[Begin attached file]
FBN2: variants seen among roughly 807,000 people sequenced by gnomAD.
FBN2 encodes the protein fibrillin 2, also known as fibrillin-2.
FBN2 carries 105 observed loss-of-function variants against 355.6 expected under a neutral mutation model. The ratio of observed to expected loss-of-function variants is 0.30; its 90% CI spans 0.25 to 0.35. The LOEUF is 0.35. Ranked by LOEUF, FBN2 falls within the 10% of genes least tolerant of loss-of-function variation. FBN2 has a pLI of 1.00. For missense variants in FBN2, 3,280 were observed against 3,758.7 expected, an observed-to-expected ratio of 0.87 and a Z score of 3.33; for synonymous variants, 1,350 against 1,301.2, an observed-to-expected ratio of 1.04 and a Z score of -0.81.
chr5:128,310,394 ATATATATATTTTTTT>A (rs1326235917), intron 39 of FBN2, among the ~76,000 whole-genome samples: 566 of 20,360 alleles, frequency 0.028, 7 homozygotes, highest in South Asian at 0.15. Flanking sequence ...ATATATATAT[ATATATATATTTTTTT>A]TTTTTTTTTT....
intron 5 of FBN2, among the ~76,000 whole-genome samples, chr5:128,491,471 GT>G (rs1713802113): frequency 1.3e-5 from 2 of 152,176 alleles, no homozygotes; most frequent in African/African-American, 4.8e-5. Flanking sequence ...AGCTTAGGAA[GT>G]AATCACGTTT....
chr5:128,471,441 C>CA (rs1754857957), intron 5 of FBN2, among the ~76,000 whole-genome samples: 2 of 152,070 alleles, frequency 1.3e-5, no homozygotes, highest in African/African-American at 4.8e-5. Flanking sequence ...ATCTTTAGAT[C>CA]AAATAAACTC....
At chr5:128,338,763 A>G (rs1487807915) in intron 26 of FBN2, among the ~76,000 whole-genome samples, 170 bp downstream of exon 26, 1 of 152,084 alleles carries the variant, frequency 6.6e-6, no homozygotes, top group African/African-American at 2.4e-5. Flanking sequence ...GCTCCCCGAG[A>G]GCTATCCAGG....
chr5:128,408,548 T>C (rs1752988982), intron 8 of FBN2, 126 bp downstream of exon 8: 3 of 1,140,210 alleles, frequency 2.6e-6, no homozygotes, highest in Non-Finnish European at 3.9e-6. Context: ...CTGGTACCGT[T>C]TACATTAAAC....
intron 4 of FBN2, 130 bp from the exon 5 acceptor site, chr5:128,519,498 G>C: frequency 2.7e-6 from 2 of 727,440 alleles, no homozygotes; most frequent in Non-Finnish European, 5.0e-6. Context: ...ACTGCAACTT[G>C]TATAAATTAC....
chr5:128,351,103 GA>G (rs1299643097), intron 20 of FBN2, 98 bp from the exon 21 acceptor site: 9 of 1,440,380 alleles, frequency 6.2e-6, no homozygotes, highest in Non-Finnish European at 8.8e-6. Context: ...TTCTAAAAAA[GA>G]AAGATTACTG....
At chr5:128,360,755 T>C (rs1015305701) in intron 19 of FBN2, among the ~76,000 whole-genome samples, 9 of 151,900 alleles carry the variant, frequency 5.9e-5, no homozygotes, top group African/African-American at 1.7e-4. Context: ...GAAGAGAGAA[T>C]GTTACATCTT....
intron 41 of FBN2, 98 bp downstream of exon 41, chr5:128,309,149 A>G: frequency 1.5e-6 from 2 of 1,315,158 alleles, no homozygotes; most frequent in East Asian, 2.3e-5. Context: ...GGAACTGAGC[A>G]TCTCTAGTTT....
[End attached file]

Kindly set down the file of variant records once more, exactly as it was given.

FBN2: variants seen among roughly 807,000 people sequenced by gnomAD.
FBN2 encodes the protein fibrillin 2, also known as fibrillin-2.
FBN2 carries 105 observed loss-of-function variants against 355.6 expected under a neutral mutation model. The ratio of observed to expected loss-of-function variants is 0.30; its 90% CI spans 0.25 to 0.35. The LOEUF is 0.35. Ranked by LOEUF, FBN2 falls within the 10% of genes least tolerant of loss-of-function variation. FBN2 has a pLI of 1.00. For missense variants in FBN2, 3,280 were observed against 3,758.7 expected, an observed-to-expected ratio of 0.87 and a Z score of 3.33; for synonymous variants, 1,350 against 1,301.2, an observed-to-expected ratio of 1.04 and a Z score of -0.81.
chr5:128,310,394 ATATATATATTTTTTT>A (rs1326235917), intron 39 of FBN2, among the ~76,000 whole-genome samples: 566 of 20,360 alleles, frequency 0.028, 7 homozygotes, highest in South Asian at 0.15. Flanking sequence ...ATATATATAT[ATATATATATTTTTTT>A]TTTTTTTTTT....
intron 5 of FBN2, among the ~76,000 whole-genome samples, chr5:128,491,471 GT>G (rs1713802113): frequency 1.3e-5 from 2 of 152,176 alleles, no homozygotes; most frequent in African/African-American, 4.8e-5. Flanking sequence ...AGCTTAGGAA[GT>G]AATCACGTTT....
chr5:128,471,441 C>CA (rs1754857957), intron 5 of FBN2, among the ~76,000 whole-genome samples: 2 of 152,070 alleles, frequency 1.3e-5, no homozygotes, highest in African/African-American at 4.8e-5. Flanking sequence ...ATCTTTAGAT[C>CA]AAATAAACTC....
At chr5:128,338,763 A>G (rs1487807915) in intron 26 of FBN2, among the ~76,000 whole-genome samples, 170 bp downstream of exon 26, 1 of 152,084 alleles carries the variant, frequency 6.6e-6, no homozygotes, top group African/African-American at 2.4e-5. Flanking sequence ...GCTCCCCGAG[A>G]GCTATCCAGG....
chr5:128,408,548 T>C (rs1752988982), intron 8 of FBN2, 126 bp downstream of exon 8: 3 of 1,140,210 alleles, frequency 2.6e-6, no homozygotes, highest in Non-Finnish European at 3.9e-6. Context: ...CTGGTACCGT[T>C]TACATTAAAC....
intron 4 of FBN2, 130 bp from the exon 5 acceptor site, chr5:128,519,498 G>C: frequency 2.7e-6 from 2 of 727,440 alleles, no homozygotes; most frequent in Non-Finnish European, 5.0e-6. Context: ...ACTGCAACTT[G>C]TATAAATTAC....
chr5:128,351,103 GA>G (rs1299643097), intron 20 of FBN2, 98 bp from the exon 21 acceptor site: 9 of 1,440,380 alleles, frequency 6.2e-6, no homozygotes, highest in Non-Finnish European at 8.8e-6. Context: ...TTCTAAAAAA[GA>G]AAGATTACTG....
At chr5:128,360,755 T>C (rs1015305701) in intron 19 of FBN2, among the ~76,000 whole-genome samples, 9 of 151,900 alleles carry the variant, frequency 5.9e-5, no homozygotes, top group African/African-American at 1.7e-4. Context: ...GAAGAGAGAA[T>C]GTTACATCTT....
intron 41 of FBN2, 98 bp downstream of exon 41, chr5:128,309,149 A>G: frequency 1.5e-6 from 2 of 1,315,158 alleles, no homozygotes; most frequent in East Asian, 2.3e-5. Context: ...GGAACTGAGC[A>G]TCTCTAGTTT....